Researchers from the University of Colorado Skaggs School of Pharmacy and Pharmaceutical Sciences, selected to estimate the cost-effectiveness of the newly approved CAR-T therapies, have found the clinical benefit may justify the expensive price.
The treatments involve removing immune cells known as T-cells from the patient, genetically engineering them to kill cancer cells and then putting them back in the body. The therapy is known as CAR-T or chimeric antigen receptor T-cell therapy and is FDA approved for some B-cell cancers, including acute lymphoblastic leukemia in pediatric and young adult patients and those with adult lymphoma.
Evidence suggests potential great benefit from these therapies, but the treatments are costly. The leukemia therapy, known as Kymriah, costs $475,000 while the lymphoma treatment, Yescarta, costs $373,000. So the non-profit Institute for Clinical and Economic Review (ICER) enlisted the help of pharmaceutical outcomes research faculty Melanie Whittington, R. Brett McQueen, and Jon Campbell from the CU Skaggs School of Pharmacy to generate evidence on whether the treatments, already approved by the FDA, are cost-effective.
The draft report of their findings was published Wednesday on the ICER website. After a public comment period, the researchers in collaboration with ICER, will finalize the report and present the findings at a public forum on March 2, 2018.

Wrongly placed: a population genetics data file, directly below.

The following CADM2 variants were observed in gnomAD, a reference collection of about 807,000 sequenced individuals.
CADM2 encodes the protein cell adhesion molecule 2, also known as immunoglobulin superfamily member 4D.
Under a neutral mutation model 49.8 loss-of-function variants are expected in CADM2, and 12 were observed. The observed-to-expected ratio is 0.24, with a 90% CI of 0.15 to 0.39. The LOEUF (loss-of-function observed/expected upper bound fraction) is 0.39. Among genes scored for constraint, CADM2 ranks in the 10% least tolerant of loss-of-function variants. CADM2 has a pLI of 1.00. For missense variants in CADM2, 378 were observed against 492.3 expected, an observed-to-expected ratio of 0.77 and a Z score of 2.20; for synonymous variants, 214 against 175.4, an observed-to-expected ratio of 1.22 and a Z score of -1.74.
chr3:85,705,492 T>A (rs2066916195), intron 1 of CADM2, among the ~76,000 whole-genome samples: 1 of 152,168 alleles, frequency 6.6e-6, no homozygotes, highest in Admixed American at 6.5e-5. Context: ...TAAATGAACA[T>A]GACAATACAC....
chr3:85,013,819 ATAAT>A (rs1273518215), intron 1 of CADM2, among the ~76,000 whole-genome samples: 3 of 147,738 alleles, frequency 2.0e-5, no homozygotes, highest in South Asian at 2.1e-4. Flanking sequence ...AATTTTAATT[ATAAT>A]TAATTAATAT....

In the draft report, they compared CAR-T therapies to chemotherapy, taking into account patient survival, quality of life and health care costs from the health care system perspective over the lifetime of a patient receiving the therapies.
“We take into account the clinical evidence, quality of life data, and health system costs to generate cost-effectiveness evidence,” said Whittington, PhD, research instructor at the CU School of Pharmacy.
According to Jon Campbell, PhD, associate professor of pharmacy, the cost-effectiveness findings for both CAR-T therapies were `promising’ and suggested that they may be a good use of our health care resources toward improving health. They significantly extended the lives of some patients, much more on average, than traditional chemotherapy.
“The CAR-T science is beyond whether the therapies work for certain patients and is now questioning its value,” he said. “CAR-T is promising on the clinical side but there is some feeling of sticker shock related to the price. Is it worth it? Yes, it seems to be.”
Does the cost-effectiveness of therapies matter in the U.S.?
“The straightforward answer to that question is yes,” said McQueen, PhD, assistant professor of pharmacy. “Insurance companies have a higher likelihood of providing access and payment for therapies that are considered good value for money.”
Campbell, who is director of pharmaceutical outcomes research graduate track at the Center for Pharmaceutical Outcomes Research at CU Anschutz, noted that cost-effectiveness doesn’t mean cheapest and it doesn’t mean denying access.
“It’s about ensuring patients have access to high value care while sustaining our health system for future generations,” he said.